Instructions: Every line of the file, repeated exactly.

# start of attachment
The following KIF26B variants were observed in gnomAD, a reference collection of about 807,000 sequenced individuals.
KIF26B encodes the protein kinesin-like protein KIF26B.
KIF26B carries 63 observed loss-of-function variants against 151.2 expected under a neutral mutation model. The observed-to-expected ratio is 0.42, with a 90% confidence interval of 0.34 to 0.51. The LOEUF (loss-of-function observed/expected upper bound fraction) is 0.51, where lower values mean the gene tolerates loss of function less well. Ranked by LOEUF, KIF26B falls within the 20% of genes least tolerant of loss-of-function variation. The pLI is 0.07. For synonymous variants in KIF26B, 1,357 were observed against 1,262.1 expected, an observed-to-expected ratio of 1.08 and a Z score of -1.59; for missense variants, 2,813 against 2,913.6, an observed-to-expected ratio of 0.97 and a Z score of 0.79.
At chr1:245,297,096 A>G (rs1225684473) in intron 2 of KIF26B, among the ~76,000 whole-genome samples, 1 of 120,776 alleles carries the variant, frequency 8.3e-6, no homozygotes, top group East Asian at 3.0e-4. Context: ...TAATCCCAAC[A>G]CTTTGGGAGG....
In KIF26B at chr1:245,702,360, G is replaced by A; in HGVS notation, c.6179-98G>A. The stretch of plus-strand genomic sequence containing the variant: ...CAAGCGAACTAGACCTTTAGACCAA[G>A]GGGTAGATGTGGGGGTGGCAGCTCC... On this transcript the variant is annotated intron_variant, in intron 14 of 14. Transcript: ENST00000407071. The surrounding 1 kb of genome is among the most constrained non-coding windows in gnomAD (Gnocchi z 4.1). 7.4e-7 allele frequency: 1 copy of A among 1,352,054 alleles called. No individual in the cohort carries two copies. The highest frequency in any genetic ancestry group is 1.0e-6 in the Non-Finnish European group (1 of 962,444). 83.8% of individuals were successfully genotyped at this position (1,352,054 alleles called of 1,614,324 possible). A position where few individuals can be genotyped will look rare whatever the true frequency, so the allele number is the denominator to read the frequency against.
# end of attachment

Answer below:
The following KIF26B variants were observed in gnomAD, a reference collection of about 807,000 sequenced individuals.
KIF26B encodes the protein kinesin-like protein KIF26B.
KIF26B carries 63 observed loss-of-function variants against 151.2 expected under a neutral mutation model. The observed-to-expected ratio is 0.42, with a 90% confidence interval of 0.34 to 0.51. The LOEUF (loss-of-function observed/expected upper bound fraction) is 0.51, where lower values mean the gene tolerates loss of function less well. Ranked by LOEUF, KIF26B falls within the 20% of genes least tolerant of loss-of-function variation. The pLI is 0.07. For synonymous variants in KIF26B, 1,357 were observed against 1,262.1 expected, an observed-to-expected ratio of 1.08 and a Z score of -1.59; for missense variants, 2,813 against 2,913.6, an observed-to-expected ratio of 0.97 and a Z score of 0.79.
At chr1:245,297,096 A>G (rs1225684473) in intron 2 of KIF26B, among the ~76,000 whole-genome samples, 1 of 120,776 alleles carries the variant, frequency 8.3e-6, no homozygotes, top group East Asian at 3.0e-4. Context: ...TAATCCCAAC[A>G]CTTTGGGAGG....
In KIF26B at chr1:245,702,360, G is replaced by A; in HGVS notation, c.6179-98G>A. The stretch of plus-strand genomic sequence containing the variant: ...CAAGCGAACTAGACCTTTAGACCAA[G>A]GGGTAGATGTGGGGGTGGCAGCTCC... On this transcript the variant is annotated intron_variant, in intron 14 of 14. Transcript: ENST00000407071. The surrounding 1 kb of genome is among the most constrained non-coding windows in gnomAD (Gnocchi z 4.1). 7.4e-7 allele frequency: 1 copy of A among 1,352,054 alleles called. No individual in the cohort carries two copies. The highest frequency in any genetic ancestry group is 1.0e-6 in the Non-Finnish European group (1 of 962,444). 83.8% of individuals were successfully genotyped at this position (1,352,054 alleles called of 1,614,324 possible). A position where few individuals can be genotyped will look rare whatever the true frequency, so the allele number is the denominator to read the frequency against.